Over the past five years, the Republicans in the down have fared better when they allied with Trump. House Republicans lost their majority for the first time in eight years during the 2018 midterm cycle. Many of the GOP lawmakers who have descended have tried, unsuccessfully, to distance themselves from Trump.

But with Trump leading the ballot last year, even in what turned out to be a losing candidacy for re-election, House Republicans won 12 seats, putting them within easy reach of winning the election. majority next year. It’s no surprise, really, that Republicans want to politically tighten the former president as tightly as possible. “I would just say to my fellow Republicans, ‘Can we move forward without President Trump? “The answer is no,” Sen. Lindsey Graham of South Carolina said in a recent interview with Fox News’ Sean Hannity.

Trump is betting on such GOP loyalty as he contemplates a 2024 race against President Joe Biden. If Trump seeks a comeback in the sense he has hinted at so far, he will be the first candidate to lead a purely revenge-based campaign since Jackson’s in 1828. It is not particularly surprising that he adopts this unconventional strategy, as Trump has already shown affection for the seventh president, after hanging a portrait of him in the White House.

Jackson’s pet peeve was President John Quincy Adams. His repugnance towards founding father’s son John Adams dates back to the 1824 election. Jackson that year finished first in the Electoral College votes, but without sufficient support to claim a majority, launching the contest in the House. . Adams ended up as president thanks to an alliance with Speaker of the House Henry Clay, himself a presidential candidate, with Jackson declaring his loss a “corrupt deal.”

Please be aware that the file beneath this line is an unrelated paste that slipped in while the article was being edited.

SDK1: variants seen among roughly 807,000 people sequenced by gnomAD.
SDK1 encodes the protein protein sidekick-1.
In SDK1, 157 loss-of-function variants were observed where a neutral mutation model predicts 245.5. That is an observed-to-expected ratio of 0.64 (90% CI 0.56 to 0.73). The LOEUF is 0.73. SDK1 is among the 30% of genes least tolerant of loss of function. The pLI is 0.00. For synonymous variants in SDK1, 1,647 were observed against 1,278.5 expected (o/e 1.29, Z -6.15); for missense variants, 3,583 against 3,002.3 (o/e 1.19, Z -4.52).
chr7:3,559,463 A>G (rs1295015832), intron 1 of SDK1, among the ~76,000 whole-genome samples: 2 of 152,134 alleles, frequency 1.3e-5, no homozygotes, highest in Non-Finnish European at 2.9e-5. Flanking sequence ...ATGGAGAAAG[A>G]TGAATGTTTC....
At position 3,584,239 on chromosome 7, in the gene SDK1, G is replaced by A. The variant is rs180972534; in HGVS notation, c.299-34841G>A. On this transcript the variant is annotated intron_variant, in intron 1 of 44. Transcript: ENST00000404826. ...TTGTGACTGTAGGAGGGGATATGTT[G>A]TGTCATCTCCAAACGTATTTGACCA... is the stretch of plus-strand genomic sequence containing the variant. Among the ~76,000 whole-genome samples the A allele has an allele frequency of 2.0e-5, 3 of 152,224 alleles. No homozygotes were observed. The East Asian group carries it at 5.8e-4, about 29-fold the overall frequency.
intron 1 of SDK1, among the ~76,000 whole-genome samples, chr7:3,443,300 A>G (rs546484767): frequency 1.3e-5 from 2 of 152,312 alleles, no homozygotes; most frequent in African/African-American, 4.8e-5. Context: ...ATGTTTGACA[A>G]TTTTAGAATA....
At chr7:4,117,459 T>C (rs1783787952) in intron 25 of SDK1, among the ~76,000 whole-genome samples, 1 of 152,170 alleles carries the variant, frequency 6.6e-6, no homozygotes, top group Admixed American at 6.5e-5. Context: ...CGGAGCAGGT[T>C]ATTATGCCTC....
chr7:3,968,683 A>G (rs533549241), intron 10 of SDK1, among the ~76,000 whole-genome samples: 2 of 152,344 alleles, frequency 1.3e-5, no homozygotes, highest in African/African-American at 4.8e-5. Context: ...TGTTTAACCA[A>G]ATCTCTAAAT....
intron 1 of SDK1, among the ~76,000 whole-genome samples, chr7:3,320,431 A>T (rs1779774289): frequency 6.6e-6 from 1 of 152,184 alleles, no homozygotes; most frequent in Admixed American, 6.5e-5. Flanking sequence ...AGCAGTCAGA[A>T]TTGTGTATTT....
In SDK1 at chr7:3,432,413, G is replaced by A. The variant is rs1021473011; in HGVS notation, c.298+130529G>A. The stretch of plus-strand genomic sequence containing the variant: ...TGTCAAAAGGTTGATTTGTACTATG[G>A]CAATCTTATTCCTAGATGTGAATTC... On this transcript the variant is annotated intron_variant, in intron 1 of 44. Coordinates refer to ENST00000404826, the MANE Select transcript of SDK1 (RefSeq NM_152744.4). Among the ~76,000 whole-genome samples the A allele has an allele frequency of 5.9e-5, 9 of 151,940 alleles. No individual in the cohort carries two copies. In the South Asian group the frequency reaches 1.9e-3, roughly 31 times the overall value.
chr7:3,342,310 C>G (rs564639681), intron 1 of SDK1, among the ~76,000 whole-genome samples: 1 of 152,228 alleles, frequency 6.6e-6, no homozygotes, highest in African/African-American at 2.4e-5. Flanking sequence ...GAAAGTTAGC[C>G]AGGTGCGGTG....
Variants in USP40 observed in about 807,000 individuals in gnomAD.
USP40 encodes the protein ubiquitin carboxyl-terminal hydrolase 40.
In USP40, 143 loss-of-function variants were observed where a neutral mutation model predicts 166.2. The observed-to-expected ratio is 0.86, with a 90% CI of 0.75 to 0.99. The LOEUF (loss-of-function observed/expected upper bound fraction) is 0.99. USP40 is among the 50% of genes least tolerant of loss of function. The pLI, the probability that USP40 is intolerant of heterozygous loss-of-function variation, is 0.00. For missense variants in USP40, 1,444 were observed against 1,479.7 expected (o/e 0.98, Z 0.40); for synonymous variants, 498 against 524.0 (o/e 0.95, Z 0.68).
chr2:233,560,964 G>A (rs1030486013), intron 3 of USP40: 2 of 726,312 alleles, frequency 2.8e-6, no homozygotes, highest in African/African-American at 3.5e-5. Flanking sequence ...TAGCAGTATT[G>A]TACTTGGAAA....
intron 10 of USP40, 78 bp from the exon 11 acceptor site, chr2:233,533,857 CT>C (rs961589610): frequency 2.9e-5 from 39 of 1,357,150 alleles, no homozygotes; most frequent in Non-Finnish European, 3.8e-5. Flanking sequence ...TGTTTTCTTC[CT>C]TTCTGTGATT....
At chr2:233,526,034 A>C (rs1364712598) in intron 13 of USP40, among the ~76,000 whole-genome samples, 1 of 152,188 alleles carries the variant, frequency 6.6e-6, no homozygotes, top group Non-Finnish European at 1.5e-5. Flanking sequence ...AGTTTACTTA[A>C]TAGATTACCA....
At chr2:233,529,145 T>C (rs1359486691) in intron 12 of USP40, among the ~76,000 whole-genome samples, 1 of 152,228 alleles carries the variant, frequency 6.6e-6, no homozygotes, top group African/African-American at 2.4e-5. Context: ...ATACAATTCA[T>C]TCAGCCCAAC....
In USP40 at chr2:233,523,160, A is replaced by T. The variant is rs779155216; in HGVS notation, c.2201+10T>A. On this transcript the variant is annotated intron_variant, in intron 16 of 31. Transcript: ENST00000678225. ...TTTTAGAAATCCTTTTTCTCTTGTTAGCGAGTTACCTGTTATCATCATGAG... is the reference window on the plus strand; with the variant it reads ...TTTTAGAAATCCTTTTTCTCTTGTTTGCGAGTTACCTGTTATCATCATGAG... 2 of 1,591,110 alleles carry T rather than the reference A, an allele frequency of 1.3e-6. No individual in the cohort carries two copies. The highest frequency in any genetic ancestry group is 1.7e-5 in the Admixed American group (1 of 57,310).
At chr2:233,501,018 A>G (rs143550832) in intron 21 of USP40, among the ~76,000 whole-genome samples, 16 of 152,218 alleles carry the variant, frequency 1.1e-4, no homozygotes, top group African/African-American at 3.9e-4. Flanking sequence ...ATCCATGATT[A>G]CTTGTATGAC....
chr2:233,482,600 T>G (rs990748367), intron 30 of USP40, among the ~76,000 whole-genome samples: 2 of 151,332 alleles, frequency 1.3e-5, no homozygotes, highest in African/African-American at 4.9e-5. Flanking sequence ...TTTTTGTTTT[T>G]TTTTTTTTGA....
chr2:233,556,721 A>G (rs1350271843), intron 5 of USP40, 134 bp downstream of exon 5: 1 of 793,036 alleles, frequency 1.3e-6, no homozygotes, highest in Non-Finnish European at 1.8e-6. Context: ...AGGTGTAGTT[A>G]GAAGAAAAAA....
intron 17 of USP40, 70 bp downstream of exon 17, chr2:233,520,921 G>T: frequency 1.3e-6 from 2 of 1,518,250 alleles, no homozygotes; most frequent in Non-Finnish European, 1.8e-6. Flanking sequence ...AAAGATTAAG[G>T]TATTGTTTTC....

Jackson, a retired general and military hero of the War of 1812, fought a four-year battle against the President. Jackson’s allies, among other tactics, traced a ten-year-old rumor that, as U.S. Ambassador to Russia, Adams had acted as a “pimp” for the Tsar, providing young women in exchange of favorable trade treaties and general relations between the two. countries.

Adams’ forces were quick to retaliate – alleging, among other things, that Jackson had married his wife, Rachel, before her divorce from her first husband was finalized. In their 1828 rematch, Jackson won a clear majority in the Electoral College.

While there are reasons to suggest that Republicans could have chosen the right political strategy in embracing Trump’s quest for revenge, Cheney’s ousting leaves them little room for error. The move alienates principled Tories and suburban voters who were already shying away from the GOP, helping seal Trump’s defeat. It’s either the Trump way or the road.